A Winter Apple

Grateful, I took an apple
from its paper, took it in both
hands, raised it to my lips,
inhaling its myth of open air
and closure—. Then a desire
to swallow space and time,
or to follow them, backward
and forward, endlessly up
and down the macadam, end
over end, back to seed or
on to cider— Not so fast
I pleaded. The heft of it;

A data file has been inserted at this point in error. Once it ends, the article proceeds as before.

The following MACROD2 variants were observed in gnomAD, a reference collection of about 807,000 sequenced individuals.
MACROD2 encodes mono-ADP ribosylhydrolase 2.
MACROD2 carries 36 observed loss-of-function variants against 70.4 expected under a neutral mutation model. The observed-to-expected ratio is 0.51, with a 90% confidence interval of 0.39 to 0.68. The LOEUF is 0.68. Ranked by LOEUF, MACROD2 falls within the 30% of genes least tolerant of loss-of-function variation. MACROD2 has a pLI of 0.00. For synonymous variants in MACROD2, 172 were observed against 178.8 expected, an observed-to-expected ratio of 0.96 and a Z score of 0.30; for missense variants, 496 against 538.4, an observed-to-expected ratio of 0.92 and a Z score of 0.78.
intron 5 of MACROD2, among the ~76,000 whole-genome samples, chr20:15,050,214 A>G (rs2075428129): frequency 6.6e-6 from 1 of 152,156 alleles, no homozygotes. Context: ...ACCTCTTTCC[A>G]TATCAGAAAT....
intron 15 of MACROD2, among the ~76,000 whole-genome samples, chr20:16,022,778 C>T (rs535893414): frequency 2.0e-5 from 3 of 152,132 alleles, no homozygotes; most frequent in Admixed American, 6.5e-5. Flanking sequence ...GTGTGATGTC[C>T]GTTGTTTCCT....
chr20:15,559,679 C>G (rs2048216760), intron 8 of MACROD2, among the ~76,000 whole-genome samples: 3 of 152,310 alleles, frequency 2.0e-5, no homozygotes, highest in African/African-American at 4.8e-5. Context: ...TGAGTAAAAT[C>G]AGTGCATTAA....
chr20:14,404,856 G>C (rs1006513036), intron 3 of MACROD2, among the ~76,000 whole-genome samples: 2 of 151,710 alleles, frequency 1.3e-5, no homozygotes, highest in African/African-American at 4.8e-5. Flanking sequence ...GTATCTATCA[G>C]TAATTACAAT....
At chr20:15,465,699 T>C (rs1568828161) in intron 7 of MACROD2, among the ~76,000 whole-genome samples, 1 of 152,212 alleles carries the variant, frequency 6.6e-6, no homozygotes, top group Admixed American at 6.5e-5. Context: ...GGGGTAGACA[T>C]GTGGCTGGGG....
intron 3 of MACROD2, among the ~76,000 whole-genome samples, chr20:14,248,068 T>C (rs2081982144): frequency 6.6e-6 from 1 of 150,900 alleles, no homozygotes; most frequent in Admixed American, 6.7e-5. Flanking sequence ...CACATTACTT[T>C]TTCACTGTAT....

the chill sweetness. Apples
in winter are a bitter gift.
I set it down again, entire.

—Daniel Hall

Hall is writer-in-residence at Amherst. His new book of poems, Under Sleep, will be published in April 2007.